March 21, 2013

Feedback Fears

Jody Hedlund has a wonderful post about how writers do react to feedback – and how they should.  Intellectually, I agree with many of her points, and I've even stated some before on this blog.  Readers' feedback is absolutely invaluable and crucial to the overall quality of the book.  Receiving this feedback is inevitable if a writer is serious about creating a completed product, and considering this feedback – whether or not we ultimately choose to incorporate it into the work – will improve our writing.

Knowing this intellectually does not, unfortunately, change the trepidation we feel when giving our book to a reader for the first time, the anxiety we feel as we wait for a response, and the insecurity we feel when reading critiques and comments.  I was about to write that I had only, so far, received a few general comments from one reader when a new email popped up in my inbox – with in-depth critiques from that reader.  

Suddenly, before even opening the file (which I, for peace of mind, will not do before posting this), my heart is pounding.  What if she hated it?  What if the work I thought was almost done actually needs months of more revising?  Or worse, what if it's actually a worthless waste of time, disc space, and, finally, paper?

So who is this expert reader whose opinion is so valuable?  An editor? An author in her own right? A literary agent? No.  She is, however, someone intimately familiar with the reading experience of a romance writer's target audience, because she is a long-time and avid romance reader.  Beyond that, she is someone who has already given me feedback on the first few chapters – before they were revised as many times as they have now been – and she told me she loved them.  Still, the anxiety builds.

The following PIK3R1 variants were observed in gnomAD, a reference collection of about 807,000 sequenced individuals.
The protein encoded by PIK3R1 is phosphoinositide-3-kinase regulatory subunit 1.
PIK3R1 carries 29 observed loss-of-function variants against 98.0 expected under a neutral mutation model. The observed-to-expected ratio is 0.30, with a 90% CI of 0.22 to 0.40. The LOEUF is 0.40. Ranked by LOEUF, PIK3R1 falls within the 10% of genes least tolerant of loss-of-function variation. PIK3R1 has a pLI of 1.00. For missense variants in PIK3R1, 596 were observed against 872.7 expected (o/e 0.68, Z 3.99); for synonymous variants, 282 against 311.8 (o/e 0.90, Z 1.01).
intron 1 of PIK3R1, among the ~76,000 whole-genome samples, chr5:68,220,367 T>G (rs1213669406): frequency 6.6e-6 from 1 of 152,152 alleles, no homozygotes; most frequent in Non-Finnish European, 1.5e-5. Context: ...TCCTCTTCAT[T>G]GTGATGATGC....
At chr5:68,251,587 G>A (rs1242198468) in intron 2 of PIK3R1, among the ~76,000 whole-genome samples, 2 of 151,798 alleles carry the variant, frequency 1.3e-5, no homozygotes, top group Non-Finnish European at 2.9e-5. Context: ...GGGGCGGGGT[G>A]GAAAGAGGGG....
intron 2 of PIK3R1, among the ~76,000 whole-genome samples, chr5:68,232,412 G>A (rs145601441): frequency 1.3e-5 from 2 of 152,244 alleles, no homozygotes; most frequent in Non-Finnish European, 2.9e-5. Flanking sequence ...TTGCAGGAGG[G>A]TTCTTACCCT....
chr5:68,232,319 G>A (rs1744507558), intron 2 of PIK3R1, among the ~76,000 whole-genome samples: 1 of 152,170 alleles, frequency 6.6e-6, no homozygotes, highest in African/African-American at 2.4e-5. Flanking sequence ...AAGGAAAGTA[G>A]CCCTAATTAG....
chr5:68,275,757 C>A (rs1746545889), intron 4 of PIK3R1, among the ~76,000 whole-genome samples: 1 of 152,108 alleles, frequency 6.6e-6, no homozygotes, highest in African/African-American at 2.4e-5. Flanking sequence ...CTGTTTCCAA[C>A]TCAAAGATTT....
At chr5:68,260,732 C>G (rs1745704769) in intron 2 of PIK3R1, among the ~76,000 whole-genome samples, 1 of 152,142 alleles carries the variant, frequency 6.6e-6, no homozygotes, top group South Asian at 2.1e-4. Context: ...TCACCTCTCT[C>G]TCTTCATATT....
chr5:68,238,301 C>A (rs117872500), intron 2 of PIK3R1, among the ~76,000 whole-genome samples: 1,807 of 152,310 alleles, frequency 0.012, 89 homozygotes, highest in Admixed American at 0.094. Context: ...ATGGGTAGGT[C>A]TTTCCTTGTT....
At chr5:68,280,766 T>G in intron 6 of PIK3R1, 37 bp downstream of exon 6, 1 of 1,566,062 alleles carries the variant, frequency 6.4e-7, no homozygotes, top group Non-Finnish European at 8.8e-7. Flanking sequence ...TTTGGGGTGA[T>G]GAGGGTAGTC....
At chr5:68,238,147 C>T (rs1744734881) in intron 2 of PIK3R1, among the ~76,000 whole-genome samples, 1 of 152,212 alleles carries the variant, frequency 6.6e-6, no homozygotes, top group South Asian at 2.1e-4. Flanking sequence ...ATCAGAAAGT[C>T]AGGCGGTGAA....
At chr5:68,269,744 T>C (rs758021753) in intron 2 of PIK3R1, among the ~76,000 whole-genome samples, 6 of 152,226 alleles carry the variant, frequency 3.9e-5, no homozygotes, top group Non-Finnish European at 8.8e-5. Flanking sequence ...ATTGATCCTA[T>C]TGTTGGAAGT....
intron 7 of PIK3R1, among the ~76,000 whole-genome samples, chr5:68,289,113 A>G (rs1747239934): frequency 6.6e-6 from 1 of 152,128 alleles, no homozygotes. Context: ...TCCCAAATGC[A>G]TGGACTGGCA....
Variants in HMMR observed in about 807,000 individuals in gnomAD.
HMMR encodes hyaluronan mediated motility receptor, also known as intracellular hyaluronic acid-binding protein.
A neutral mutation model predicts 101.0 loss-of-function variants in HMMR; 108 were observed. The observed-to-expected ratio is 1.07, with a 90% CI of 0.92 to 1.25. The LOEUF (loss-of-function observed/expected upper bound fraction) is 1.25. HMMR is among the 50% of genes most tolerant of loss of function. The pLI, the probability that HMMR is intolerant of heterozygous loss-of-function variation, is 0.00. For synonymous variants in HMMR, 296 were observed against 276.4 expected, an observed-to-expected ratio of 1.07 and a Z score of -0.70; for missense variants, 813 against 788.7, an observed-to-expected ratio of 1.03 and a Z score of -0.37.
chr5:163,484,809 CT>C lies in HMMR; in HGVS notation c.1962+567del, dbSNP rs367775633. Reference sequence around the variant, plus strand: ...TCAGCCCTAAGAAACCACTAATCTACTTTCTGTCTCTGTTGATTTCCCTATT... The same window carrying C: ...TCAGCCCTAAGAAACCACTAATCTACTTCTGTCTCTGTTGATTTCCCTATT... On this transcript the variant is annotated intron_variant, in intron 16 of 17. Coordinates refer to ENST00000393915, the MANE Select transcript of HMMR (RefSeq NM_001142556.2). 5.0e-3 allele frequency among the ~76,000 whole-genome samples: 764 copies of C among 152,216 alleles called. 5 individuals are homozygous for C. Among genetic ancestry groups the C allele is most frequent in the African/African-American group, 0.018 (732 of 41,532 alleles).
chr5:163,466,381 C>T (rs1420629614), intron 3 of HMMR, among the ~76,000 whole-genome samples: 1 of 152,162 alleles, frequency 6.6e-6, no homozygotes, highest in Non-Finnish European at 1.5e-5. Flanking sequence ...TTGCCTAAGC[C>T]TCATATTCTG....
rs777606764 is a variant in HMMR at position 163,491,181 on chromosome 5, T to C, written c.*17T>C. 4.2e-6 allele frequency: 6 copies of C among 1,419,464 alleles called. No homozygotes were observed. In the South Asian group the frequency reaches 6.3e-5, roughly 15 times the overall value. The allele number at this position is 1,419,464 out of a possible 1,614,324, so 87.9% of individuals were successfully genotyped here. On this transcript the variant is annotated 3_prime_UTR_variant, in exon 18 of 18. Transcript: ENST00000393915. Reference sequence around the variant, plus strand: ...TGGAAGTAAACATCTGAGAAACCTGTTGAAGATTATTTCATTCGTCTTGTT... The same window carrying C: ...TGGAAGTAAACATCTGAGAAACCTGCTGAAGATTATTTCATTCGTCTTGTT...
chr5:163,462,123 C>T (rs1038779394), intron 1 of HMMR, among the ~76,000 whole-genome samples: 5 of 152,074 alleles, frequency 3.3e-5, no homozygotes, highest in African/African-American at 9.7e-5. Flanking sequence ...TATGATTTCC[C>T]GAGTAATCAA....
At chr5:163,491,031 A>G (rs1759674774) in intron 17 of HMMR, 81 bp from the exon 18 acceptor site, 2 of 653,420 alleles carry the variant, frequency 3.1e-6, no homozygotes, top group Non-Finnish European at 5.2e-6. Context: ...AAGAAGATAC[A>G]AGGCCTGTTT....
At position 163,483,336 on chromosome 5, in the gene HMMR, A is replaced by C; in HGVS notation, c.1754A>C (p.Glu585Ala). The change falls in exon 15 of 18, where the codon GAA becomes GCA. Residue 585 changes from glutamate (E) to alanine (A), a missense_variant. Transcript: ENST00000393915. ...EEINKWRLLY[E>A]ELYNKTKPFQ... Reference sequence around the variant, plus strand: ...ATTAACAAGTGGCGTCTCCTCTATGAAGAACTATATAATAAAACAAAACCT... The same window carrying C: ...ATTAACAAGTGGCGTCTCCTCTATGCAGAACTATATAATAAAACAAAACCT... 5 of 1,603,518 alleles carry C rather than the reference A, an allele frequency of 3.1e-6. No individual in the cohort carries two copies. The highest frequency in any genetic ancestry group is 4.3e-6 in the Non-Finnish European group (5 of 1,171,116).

Whether she loved it or hated it, does her one opinion decide the fate of my book? No.  Yet it's easier to stay pragmatically detached when someone tells you they love your work than when someone points out all of its (likely many) faults, even when that person is earnestly and genuinely trying to help.  As writers, we have to silence both voices – not only the one that has us jumping up and down when someone says something nice about a long-term project like a novel, but also the one that has us wanting to throw the manuscript out the window (not literally, I could never do that) because of all its imperfections. 

So, I will now attempt to stifle all of my doubts and insecurities and open the marked-up file.  Regardless of the content in the notes, I am grateful this reader took the time to read my book (she read it in one day!) and put in the effort to give me feedback.

How do you deal with feedback fears?


2 comments :

  1. For the record...I love how you write your thoughts. Now I know what you meant by nervous. It took some major guts to let me read your work. Thank you for that trust.

    I really hope you never feel you have wasted your time with your book because I honestly KNOW that I did NOT waste my time in reading it. Thank you for sharing this amazing story with me. :-)

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